Professional Community for Car Dealers, Marketing, Advertising and Sales Leaders
Are you a master or a student?
Do you know everything that you need to know to pass on your knowledge to others?
Recently, I spent four days on site at a dealer group consulting and training a brand new BDC Manager. This BDC Manager is a remarkable individual with many college degrees and a lot of business world experience. He was brand new to the automotive industry but not a stranger to call centers. In fact, one of his experiences stems from being a high-powered call center director where cold calls were being made to sell sports apparel that involved making transactions over the phone. I interviewed him to qualify his skills and knew within a few minutes that he was the right man for the job. Now normally, I am 100% against a dealership hiring a manager with no automotive industry experience for various reasons. However, in this case I realized real quickly that I can help this person become an amazing BDC director as I teach him about CRM, managing a group of sensitive women, automotive sales, internet lead management, and automotive digital marketing.
It was incredible to see how sharp he was and how quickly he picked up the basics of understanding call handling as well as CRM. We reviewed industry statistics and what the problem was in that BDC. We both noticed that the BDC reps are not as productive as they can be because they are focused on sold units instead of appointments showing up. He quickly came up with his own agenda of how to become great in a 30-day span so that he can lead his team to success. We even made a pay plan change to focus on getting the customer in the showroom and less on the sale. We know that if we make the appropriate amount of calls we can set "x" amount of more appointments and "y" amount of appointments will show up.
Here is where the consultant starts to learn from the client:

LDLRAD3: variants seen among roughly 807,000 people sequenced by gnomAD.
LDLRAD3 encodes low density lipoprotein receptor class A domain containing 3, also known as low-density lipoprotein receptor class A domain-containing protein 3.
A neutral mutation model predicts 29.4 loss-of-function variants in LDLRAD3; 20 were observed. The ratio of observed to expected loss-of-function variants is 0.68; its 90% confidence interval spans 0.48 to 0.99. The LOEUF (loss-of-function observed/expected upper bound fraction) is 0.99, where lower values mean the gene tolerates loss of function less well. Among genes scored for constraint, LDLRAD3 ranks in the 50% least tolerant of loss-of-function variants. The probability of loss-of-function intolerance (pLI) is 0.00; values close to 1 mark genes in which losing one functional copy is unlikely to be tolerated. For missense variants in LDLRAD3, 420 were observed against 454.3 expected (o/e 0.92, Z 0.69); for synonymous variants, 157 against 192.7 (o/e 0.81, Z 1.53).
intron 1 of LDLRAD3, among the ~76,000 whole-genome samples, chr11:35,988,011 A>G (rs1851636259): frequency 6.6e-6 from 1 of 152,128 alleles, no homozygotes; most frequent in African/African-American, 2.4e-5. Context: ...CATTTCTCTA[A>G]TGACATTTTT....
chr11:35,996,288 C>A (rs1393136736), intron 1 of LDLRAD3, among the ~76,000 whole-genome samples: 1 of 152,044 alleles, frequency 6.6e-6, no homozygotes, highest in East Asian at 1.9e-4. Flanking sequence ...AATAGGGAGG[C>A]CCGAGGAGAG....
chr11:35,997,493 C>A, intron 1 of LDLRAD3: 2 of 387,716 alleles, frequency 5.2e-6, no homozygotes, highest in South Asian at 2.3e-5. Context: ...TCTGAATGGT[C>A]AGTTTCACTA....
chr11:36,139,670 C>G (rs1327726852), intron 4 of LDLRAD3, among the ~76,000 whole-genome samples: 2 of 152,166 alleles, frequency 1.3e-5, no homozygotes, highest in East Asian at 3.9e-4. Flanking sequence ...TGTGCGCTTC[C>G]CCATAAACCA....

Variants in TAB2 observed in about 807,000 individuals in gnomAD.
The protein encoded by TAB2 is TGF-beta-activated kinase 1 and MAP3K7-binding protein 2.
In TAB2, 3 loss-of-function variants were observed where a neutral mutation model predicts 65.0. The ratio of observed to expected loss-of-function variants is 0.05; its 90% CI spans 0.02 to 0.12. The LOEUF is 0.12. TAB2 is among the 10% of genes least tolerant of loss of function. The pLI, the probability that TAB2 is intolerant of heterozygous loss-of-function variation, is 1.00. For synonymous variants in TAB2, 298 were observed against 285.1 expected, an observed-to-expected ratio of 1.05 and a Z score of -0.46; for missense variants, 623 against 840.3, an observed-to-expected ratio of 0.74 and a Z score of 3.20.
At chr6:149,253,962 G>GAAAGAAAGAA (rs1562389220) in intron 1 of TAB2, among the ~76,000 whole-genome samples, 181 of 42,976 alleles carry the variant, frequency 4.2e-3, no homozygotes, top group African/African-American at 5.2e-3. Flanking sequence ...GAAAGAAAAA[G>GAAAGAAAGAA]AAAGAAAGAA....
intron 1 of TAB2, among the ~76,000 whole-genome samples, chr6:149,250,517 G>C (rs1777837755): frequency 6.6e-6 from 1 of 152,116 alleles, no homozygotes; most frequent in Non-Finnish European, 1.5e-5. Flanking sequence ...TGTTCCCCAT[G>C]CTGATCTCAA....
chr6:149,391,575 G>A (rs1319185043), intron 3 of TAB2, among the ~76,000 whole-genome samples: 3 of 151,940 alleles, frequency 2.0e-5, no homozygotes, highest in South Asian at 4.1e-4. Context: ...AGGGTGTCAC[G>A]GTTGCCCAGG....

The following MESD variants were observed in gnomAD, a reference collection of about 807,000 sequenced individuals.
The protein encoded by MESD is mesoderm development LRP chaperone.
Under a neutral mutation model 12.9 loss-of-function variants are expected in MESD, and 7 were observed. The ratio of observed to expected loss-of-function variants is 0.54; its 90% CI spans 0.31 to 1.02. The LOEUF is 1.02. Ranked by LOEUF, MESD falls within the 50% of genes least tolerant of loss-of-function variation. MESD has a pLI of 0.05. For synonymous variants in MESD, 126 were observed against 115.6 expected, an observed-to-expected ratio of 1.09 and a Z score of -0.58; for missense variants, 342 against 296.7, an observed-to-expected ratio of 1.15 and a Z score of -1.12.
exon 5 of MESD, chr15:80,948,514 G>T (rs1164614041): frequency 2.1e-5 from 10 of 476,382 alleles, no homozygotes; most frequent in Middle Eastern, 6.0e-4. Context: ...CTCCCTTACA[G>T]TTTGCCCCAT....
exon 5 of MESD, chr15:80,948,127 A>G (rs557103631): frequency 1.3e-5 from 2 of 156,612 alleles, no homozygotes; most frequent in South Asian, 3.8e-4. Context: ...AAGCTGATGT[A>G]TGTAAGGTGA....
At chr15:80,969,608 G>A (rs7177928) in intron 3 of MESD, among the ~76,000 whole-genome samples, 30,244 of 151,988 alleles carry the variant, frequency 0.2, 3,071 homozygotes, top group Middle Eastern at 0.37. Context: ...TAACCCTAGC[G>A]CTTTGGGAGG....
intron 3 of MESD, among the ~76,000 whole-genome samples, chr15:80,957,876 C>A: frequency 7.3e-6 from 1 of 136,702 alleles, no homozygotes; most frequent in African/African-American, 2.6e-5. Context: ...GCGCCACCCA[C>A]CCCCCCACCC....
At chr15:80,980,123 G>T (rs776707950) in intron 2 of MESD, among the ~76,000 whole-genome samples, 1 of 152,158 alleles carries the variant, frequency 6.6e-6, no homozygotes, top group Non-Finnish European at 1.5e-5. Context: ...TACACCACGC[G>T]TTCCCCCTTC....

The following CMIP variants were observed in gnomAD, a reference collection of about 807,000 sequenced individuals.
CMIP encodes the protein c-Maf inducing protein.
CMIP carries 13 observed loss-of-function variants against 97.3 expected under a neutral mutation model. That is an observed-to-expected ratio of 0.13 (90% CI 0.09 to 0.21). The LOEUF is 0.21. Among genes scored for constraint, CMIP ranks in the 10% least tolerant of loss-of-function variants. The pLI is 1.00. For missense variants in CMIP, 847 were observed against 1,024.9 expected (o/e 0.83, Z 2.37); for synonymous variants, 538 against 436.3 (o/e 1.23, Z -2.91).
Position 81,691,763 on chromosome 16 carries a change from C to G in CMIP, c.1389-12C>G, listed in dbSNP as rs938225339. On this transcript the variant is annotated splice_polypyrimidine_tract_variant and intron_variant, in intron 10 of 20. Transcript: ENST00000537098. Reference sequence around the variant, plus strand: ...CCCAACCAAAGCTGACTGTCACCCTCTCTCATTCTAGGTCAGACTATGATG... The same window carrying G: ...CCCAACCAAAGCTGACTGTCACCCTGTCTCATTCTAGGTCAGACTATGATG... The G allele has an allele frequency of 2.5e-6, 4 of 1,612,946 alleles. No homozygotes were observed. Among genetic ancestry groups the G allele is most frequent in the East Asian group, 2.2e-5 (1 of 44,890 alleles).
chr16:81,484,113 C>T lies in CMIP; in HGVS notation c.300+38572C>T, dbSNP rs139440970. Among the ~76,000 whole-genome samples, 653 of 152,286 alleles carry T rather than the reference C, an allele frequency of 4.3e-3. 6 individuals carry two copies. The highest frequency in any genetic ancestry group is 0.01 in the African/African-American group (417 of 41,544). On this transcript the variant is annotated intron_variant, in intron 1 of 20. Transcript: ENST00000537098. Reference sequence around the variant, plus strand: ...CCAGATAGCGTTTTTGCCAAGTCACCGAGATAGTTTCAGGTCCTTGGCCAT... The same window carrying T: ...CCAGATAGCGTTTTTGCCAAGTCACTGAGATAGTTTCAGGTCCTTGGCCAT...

The BDC Manager started asking about getting headsets with silencers in them. I had not known the difference between silencers and not silencers primarily because it has been a difficult task to get many dealers on board with heading a headset. He also talked about the ability to plug in and listen to a call in real time. From my experience, usually a manager would sit next to the BDC rep(s) and be able to realize based on what the reps are saying if they need help or not. Also, call monitoring is usually what helps train on calls. I learned that in his previous career he had these two abilities and it was a requirement.
But that is not all. I learned that he had a pet peeve about using the words "can" or "but" in a conversation. He says, "It is not good to kick "cans" or "buts". I actually enjoyed his analogy as it made a lot of sense with regards to how I train phone handlers on how to speak to customers and what to say. It was impressive to see how much he cared about what was going on in the room and had created an agenda.
There were other things and ideas that he shared with me that were "outside the box". I say "outside the box" because these are things that we as car people do not think about because of the environments that we are accustomed to. I believe that we need to as an industry sometimes take a step back, eat some humble pie and learn from other industries. I think that is where events like Driving Sales Executive Summit, AutoCon, Digital Dealer, and Unfair Advantage Mastermind are doing the right thing by bringing in quality speakers that are marketing experts in other fields.
I know that I learned some great things from my client in addition to teaching him new strategies and I plan to share in his success by being both a master mentor as well as a student. They say, "you are always learning in the business and the day you stop learning you’re done". This is very true but how many people really practice this preach? So take a step and learn from your surroundings in order to become a better professional.